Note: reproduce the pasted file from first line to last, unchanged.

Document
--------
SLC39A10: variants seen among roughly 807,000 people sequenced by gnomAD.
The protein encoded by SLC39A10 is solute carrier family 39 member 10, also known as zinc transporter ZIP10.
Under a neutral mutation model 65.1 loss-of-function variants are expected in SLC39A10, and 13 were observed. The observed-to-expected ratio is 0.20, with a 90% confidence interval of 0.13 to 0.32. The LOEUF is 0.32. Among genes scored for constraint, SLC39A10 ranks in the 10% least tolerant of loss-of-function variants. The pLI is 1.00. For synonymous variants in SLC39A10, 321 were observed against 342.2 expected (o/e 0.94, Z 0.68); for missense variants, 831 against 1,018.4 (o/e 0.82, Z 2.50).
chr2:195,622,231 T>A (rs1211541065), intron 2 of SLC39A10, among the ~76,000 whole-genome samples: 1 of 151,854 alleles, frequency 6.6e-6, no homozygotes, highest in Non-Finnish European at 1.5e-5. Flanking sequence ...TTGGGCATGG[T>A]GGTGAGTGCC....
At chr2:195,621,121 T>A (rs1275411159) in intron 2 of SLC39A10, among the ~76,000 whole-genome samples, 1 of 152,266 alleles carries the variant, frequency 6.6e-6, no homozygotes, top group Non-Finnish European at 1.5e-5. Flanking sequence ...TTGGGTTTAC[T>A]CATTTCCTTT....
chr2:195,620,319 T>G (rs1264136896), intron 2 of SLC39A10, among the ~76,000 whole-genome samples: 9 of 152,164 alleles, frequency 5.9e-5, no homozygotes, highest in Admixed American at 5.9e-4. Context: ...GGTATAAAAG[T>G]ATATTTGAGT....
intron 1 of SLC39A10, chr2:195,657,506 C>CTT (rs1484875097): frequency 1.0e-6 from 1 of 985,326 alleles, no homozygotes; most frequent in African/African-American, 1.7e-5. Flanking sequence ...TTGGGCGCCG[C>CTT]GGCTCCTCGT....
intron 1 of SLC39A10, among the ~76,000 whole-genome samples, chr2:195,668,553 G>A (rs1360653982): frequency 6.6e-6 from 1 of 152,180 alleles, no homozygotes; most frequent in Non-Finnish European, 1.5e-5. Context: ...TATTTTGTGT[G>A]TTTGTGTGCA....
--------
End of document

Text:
SLC39A10: variants seen among roughly 807,000 people sequenced by gnomAD.
The protein encoded by SLC39A10 is solute carrier family 39 member 10, also known as zinc transporter ZIP10.
Under a neutral mutation model 65.1 loss-of-function variants are expected in SLC39A10, and 13 were observed. The observed-to-expected ratio is 0.20, with a 90% confidence interval of 0.13 to 0.32. The LOEUF is 0.32. Among genes scored for constraint, SLC39A10 ranks in the 10% least tolerant of loss-of-function variants. The pLI is 1.00. For synonymous variants in SLC39A10, 321 were observed against 342.2 expected (o/e 0.94, Z 0.68); for missense variants, 831 against 1,018.4 (o/e 0.82, Z 2.50).
chr2:195,622,231 T>A (rs1211541065), intron 2 of SLC39A10, among the ~76,000 whole-genome samples: 1 of 151,854 alleles, frequency 6.6e-6, no homozygotes, highest in Non-Finnish European at 1.5e-5. Flanking sequence ...TTGGGCATGG[T>A]GGTGAGTGCC....
At chr2:195,621,121 T>A (rs1275411159) in intron 2 of SLC39A10, among the ~76,000 whole-genome samples, 1 of 152,266 alleles carries the variant, frequency 6.6e-6, no homozygotes, top group Non-Finnish European at 1.5e-5. Flanking sequence ...TTGGGTTTAC[T>A]CATTTCCTTT....
chr2:195,620,319 T>G (rs1264136896), intron 2 of SLC39A10, among the ~76,000 whole-genome samples: 9 of 152,164 alleles, frequency 5.9e-5, no homozygotes, highest in Admixed American at 5.9e-4. Context: ...GGTATAAAAG[T>G]ATATTTGAGT....
intron 1 of SLC39A10, chr2:195,657,506 C>CTT (rs1484875097): frequency 1.0e-6 from 1 of 985,326 alleles, no homozygotes; most frequent in African/African-American, 1.7e-5. Flanking sequence ...TTGGGCGCCG[C>CTT]GGCTCCTCGT....
intron 1 of SLC39A10, among the ~76,000 whole-genome samples, chr2:195,668,553 G>A (rs1360653982): frequency 6.6e-6 from 1 of 152,180 alleles, no homozygotes; most frequent in Non-Finnish European, 1.5e-5. Context: ...TATTTTGTGT[G>A]TTTGTGTGCA....